It seems that fewer and fewer people believe in God these days. Even in India, the Land of the Veda, this is happening with many of the young people. We do well to examine why.
When I was a kid, the idea of God was very odd to me. He was presented as someone who was sitting on a cloud somewhere orchestrating our world. Answers were weak at best to so many fundamental questions like, “If there is a God, why is there suffering?” Even I, for a period of time in my youth, could not accept what I was being told. Like most youth all over the world these days, I was brought up with rational, scientific thought. I was taught to think for myself and demand that things made sense. What I was told about God simply did not make sense.
At first glance, this seems to be a terrible state of affairs. However, this cloud does have a silver lining. Over the generations, misunderstanding and superstition have crept into the understanding of God. Also, older understandings no longer address the mentality of our modern age. As I like to say, the knowledge is eternal, but the way it is taught must change eternally to interface with, to be understood and accepted by, the mentality of the times.
If God is something the younger generation is to believe in, these times demand that God must make sense from a rational scientific perspective. The silver lining here is that after older understandings of God are rejected, the nature of existence is pursued anew. Then a deep and rational knowledge of the underlying basis of existence emerges. Then, after long and careful examination, the time comes when one realizes that, when understood in this modern light, the ancient Vedic knowledge is realized to be not only correct, but profoundly correct, extensive, detailed, and scientifically consistent. The only problem was that we were not provided with the rigors of understanding that the ancient Rishis held. Of course, our modern scientific language is new, but that level of rigor and rationality was certainly there in the minds of the ancient Seers.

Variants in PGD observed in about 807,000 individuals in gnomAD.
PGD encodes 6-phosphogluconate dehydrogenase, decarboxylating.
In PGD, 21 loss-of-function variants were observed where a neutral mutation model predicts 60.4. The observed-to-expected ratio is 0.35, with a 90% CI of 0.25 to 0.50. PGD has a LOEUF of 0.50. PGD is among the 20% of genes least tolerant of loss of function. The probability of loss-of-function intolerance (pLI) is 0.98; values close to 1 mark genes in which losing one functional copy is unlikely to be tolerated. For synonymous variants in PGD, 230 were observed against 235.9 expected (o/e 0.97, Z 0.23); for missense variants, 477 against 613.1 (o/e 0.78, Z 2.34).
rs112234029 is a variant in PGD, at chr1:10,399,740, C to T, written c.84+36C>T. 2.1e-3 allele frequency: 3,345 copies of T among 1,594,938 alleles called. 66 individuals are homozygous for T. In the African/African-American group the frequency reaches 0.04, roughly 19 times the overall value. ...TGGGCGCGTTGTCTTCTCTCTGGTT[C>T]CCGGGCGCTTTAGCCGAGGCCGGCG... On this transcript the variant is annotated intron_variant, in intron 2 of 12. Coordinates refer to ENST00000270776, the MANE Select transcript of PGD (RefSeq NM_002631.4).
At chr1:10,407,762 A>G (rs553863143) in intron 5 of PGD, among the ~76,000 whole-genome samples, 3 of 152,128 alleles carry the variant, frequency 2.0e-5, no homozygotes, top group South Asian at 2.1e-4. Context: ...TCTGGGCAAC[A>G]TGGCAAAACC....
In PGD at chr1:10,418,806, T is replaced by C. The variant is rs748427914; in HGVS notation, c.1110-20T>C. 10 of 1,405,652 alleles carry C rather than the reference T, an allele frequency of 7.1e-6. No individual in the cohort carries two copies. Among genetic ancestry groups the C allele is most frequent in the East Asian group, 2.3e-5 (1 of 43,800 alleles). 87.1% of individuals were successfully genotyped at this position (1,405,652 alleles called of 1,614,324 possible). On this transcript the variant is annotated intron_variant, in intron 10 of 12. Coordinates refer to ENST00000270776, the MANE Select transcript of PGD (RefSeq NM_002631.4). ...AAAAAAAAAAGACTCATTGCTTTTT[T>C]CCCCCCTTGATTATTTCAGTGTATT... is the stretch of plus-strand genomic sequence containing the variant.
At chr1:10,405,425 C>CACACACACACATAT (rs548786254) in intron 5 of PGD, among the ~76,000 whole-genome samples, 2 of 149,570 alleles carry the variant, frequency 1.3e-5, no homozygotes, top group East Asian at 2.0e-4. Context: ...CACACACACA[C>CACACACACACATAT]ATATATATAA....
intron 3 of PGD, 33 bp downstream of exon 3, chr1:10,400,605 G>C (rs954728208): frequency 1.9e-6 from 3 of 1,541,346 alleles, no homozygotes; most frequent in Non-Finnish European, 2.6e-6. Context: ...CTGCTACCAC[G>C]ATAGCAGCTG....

Adi Shankara said that the knowledge must be revived generation after generation. If not, it is lost to time. So in a sense, we can thank the modern thinkers. It is individuals among them that examined the nature of existence carefully enough to reveal the underlying truths in the language of our time. It is they that are bringing forth the spiritual regeneration of our planet and the rediscovery of the wisdom held by the ancient Rishis.
To those modern thinkers I simply say that in the final analysis Vedic science does make sense to the modern mentality. In fact, I encourage you to demand that it make sense. Do not stop until the nature of life and existence makes sense to you. Purify the knowledge. Cast out any superstition or distortion. Pursue truth. Know that it leads to an incredible place… one that satisfies the mind as well as the heart… one that at first glance may make no sense what so ever, but in time, makes perfect sense.